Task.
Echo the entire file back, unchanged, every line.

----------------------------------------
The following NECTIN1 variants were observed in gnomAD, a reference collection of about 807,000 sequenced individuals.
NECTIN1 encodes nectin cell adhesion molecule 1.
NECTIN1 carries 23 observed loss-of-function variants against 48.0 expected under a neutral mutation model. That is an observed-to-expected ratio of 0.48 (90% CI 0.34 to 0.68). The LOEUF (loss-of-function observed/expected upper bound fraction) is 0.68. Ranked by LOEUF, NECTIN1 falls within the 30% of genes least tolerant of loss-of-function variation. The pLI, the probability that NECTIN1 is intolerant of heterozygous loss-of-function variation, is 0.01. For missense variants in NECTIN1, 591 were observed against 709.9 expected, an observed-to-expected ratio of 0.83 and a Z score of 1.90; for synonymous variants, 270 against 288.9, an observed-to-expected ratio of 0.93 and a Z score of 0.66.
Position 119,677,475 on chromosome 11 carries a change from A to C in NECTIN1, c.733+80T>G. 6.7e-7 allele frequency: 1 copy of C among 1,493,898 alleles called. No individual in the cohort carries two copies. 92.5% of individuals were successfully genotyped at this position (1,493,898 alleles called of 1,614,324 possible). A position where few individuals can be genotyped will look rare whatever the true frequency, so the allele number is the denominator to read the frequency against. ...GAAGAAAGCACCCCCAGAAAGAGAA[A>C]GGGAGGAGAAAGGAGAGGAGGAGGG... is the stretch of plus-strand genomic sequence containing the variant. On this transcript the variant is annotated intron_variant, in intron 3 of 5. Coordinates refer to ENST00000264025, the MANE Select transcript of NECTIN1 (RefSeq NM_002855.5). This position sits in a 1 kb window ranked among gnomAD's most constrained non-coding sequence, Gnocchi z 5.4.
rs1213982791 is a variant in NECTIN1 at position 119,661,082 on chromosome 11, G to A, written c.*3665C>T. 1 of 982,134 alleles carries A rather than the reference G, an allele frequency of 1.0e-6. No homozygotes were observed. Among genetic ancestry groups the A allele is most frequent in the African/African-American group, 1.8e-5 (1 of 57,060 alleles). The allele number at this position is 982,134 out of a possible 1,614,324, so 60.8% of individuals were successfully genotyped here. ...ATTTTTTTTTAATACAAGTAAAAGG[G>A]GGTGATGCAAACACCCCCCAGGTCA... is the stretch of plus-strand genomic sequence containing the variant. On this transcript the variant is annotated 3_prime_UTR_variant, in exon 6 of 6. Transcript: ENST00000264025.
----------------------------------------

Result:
The following NECTIN1 variants were observed in gnomAD, a reference collection of about 807,000 sequenced individuals.
NECTIN1 encodes nectin cell adhesion molecule 1.
NECTIN1 carries 23 observed loss-of-function variants against 48.0 expected under a neutral mutation model. That is an observed-to-expected ratio of 0.48 (90% CI 0.34 to 0.68). The LOEUF (loss-of-function observed/expected upper bound fraction) is 0.68. Ranked by LOEUF, NECTIN1 falls within the 30% of genes least tolerant of loss-of-function variation. The pLI, the probability that NECTIN1 is intolerant of heterozygous loss-of-function variation, is 0.01. For missense variants in NECTIN1, 591 were observed against 709.9 expected, an observed-to-expected ratio of 0.83 and a Z score of 1.90; for synonymous variants, 270 against 288.9, an observed-to-expected ratio of 0.93 and a Z score of 0.66.
Position 119,677,475 on chromosome 11 carries a change from A to C in NECTIN1, c.733+80T>G. 6.7e-7 allele frequency: 1 copy of C among 1,493,898 alleles called. No individual in the cohort carries two copies. 92.5% of individuals were successfully genotyped at this position (1,493,898 alleles called of 1,614,324 possible). A position where few individuals can be genotyped will look rare whatever the true frequency, so the allele number is the denominator to read the frequency against. ...GAAGAAAGCACCCCCAGAAAGAGAA[A>C]GGGAGGAGAAAGGAGAGGAGGAGGG... is the stretch of plus-strand genomic sequence containing the variant. On this transcript the variant is annotated intron_variant, in intron 3 of 5. Coordinates refer to ENST00000264025, the MANE Select transcript of NECTIN1 (RefSeq NM_002855.5). This position sits in a 1 kb window ranked among gnomAD's most constrained non-coding sequence, Gnocchi z 5.4.
rs1213982791 is a variant in NECTIN1 at position 119,661,082 on chromosome 11, G to A, written c.*3665C>T. 1 of 982,134 alleles carries A rather than the reference G, an allele frequency of 1.0e-6. No homozygotes were observed. Among genetic ancestry groups the A allele is most frequent in the African/African-American group, 1.8e-5 (1 of 57,060 alleles). The allele number at this position is 982,134 out of a possible 1,614,324, so 60.8% of individuals were successfully genotyped here. ...ATTTTTTTTTAATACAAGTAAAAGG[G>A]GGTGATGCAAACACCCCCCAGGTCA... is the stretch of plus-strand genomic sequence containing the variant. On this transcript the variant is annotated 3_prime_UTR_variant, in exon 6 of 6. Transcript: ENST00000264025.